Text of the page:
What is being done to combat antimicrobial resistance at the EU level?
The European Food Safety Authority (EFSA) works closely with other EU agencies to tackle AMR in Europe.7 Annual monitoring and reporting of AMR in zoonotic bacteria in humans, animals and in food is carried out by EFSA, the European Centre for Disease Prevention and Control (ECDC) and the European Commission (EC). These data are then reviewed by EFSA, who make recommendations on measures for the prevention and reduction of AMR in the food and feed chains. For example, EFSA reported that livestock-associated MRSA represented only a small proportion of all reported MRSA infection in the EU in 2009 and also that 59% of Campylobacter jejuni and 50% of Salmonella spp. recovered from samples of broiler meat in 2011 were resistant to ciprofloxacin: a clinically important antibiotic used in the treatment of salmonellosis and campylobacteriosis.8

The EC is also proactive in the fight against AMR and they have produced an action plan which includes: the development of effective antimicrobials (and alternatives), their appropriate use, prevention of infection and spread, monitoring and surveillance, research, innovation and education: including campaigns such as the European Antibiotics Awareness Day (November 18th).1 Other important initiatives include national strategies e.g. “Responsible Use of Medicines in Agriculture” (RUMA) and worldwide strategies e.g. the “One Health” concept (collectively tackling all aspects of healthcare for humans, animals and the environment) and the World Health Organisation (WHO) call for awareness and shared responsibility in dealing with the issue of AMR.9

Conclusion
Antimicrobials are essential in human and veterinary medicine, although evidence supports the view that their overuse/misuse is an important risk factor in the development of resistance. To minimise the threat from AMR and to ensure that antimicrobial effectiveness is preserved for both animal and human health, appropriate and responsible use of antimicrobials is required by all.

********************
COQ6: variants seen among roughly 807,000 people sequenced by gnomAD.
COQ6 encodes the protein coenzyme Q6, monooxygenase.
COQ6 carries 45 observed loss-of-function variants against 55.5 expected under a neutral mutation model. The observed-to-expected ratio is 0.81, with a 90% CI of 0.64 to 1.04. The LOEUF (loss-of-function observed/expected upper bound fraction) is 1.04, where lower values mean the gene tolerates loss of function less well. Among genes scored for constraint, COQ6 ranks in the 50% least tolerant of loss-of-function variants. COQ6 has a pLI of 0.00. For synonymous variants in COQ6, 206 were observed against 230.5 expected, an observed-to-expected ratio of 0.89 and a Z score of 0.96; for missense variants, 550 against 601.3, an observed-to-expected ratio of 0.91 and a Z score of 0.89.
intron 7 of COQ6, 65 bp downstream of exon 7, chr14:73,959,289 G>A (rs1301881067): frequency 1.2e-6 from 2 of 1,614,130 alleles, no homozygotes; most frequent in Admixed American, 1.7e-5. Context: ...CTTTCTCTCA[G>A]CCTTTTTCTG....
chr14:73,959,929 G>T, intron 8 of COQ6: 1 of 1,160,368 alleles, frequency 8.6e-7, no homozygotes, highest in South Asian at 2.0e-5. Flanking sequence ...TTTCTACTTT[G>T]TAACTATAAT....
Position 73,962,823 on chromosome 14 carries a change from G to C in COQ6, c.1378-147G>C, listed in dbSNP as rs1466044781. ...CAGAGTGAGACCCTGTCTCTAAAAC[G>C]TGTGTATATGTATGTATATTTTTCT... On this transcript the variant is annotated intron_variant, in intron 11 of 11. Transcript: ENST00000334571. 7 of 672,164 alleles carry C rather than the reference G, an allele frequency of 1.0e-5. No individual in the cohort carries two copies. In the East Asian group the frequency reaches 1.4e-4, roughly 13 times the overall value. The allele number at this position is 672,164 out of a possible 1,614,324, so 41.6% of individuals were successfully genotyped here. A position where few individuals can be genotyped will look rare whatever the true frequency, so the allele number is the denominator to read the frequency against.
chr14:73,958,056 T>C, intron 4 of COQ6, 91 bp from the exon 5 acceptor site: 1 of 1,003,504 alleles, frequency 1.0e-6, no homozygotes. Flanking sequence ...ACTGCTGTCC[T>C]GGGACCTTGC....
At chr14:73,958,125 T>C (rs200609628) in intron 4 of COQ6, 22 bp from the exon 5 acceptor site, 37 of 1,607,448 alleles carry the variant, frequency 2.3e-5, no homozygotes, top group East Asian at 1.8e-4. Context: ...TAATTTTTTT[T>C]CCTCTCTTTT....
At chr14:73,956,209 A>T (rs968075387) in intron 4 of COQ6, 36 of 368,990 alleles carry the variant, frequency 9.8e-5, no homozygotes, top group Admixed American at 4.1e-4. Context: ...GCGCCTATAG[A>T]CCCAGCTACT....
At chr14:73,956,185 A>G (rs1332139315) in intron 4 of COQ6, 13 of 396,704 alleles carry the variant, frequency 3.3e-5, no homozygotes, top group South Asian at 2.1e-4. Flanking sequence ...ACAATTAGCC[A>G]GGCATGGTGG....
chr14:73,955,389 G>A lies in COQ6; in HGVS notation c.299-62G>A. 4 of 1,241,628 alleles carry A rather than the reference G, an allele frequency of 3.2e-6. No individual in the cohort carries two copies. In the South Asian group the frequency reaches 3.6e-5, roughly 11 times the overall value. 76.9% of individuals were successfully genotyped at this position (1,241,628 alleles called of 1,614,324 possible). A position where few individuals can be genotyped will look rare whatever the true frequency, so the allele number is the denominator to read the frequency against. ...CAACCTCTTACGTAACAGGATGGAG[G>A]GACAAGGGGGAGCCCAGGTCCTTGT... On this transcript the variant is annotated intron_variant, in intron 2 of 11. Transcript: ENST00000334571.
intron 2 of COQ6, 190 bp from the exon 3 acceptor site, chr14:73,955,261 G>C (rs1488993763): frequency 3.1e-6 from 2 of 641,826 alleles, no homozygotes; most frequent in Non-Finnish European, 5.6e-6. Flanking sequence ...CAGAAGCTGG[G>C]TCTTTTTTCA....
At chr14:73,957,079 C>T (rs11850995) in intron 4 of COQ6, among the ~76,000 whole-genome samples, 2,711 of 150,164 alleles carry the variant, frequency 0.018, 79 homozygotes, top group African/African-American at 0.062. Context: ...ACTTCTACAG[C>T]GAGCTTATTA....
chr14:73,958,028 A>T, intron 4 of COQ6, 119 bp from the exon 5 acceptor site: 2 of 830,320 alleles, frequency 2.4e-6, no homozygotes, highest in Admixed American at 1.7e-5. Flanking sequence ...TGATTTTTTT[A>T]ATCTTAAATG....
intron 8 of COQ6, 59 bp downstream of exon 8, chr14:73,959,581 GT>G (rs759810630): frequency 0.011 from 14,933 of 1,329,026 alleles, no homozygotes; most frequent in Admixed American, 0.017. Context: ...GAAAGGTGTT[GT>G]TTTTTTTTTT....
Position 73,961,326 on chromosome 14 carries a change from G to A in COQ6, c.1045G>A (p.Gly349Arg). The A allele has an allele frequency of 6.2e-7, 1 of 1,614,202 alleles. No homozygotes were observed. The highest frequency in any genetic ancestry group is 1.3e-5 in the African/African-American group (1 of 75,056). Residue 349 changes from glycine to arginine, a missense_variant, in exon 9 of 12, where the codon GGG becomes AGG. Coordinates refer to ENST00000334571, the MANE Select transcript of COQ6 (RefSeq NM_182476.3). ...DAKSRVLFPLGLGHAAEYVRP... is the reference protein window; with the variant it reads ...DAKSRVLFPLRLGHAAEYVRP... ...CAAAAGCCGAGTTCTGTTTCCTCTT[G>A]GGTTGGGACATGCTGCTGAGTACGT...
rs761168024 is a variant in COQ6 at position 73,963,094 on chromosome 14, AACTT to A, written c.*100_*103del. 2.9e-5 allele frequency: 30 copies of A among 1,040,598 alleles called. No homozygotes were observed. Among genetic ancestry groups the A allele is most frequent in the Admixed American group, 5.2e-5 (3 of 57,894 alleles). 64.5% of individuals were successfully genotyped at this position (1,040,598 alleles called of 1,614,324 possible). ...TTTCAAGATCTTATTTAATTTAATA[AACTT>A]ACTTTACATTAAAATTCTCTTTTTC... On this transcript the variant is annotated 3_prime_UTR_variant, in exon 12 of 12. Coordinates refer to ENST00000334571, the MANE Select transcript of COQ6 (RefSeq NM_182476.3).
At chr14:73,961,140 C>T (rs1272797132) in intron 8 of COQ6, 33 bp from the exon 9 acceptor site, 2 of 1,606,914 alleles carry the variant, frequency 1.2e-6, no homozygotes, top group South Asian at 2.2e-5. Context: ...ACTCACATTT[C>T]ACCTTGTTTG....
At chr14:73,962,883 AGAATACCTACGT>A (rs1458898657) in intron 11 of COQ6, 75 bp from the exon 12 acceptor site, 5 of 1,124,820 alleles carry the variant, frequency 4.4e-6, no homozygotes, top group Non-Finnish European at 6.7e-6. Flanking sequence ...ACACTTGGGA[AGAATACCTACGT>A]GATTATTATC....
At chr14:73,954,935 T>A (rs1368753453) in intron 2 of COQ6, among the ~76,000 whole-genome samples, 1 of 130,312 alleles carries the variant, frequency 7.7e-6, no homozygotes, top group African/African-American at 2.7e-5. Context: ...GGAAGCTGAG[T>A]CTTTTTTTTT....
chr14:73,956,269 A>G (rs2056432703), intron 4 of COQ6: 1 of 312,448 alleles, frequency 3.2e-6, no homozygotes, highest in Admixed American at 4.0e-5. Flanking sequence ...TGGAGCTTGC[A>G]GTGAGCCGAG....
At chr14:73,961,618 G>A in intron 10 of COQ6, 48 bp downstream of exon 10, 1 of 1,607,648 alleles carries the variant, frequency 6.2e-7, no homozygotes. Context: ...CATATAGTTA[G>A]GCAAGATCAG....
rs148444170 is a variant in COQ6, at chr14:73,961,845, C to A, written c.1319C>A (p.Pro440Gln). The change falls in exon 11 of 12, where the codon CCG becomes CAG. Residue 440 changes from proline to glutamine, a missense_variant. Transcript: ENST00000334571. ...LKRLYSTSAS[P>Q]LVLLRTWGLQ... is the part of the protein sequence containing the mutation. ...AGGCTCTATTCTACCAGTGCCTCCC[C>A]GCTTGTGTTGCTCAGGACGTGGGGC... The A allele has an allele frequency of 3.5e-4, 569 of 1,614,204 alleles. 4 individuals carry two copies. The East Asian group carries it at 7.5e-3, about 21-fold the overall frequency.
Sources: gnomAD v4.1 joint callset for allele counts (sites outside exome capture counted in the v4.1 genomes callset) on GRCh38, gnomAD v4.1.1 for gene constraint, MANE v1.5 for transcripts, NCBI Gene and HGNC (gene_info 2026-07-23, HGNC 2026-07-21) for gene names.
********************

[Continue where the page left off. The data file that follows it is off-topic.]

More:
References

  1. EC (2011). Action plan against the rising threats from antimicrobial resistance European Commission.
  2. EC (2010). Antimicrobial resistance, special Eurobarometer 338.
  3. ECDC (2009). Latest Europe-wide data on antibiotic resistance.
  4. EFSA and ECDC (2013). The European Union summary report on trends and sources of zoonoses, zoonotic agents and food-borne outbreaks in 2011. EFSA Journal 11(4):3129.
  5. EUFIC (2013). EFSA and ECDC publish the 2011 EU Report on antimicrobial resistance in zoonotic bacteria from humans, animals and food. Science Brief.
  6. Capita R & Alonso-Calleja C (2013). Antibiotic–resistant bacteria: a challenge for the food industry. Critical Reviews in Food Science and Nutrition 53(1):11-48.
  7. European Food Safety Authority website, Antimicrobial resistance section.
  8. EFSA and ECDC (2013). The European Union Summary Report on antimicrobial resistance in zoonotic and indicator bacteria from humans, animals and food in 2011.
  9. World Health Organisation (2013). Antimicrobial Resistance: Fact sheet N°194. 
Terms used in this article
Genetic
Risk factor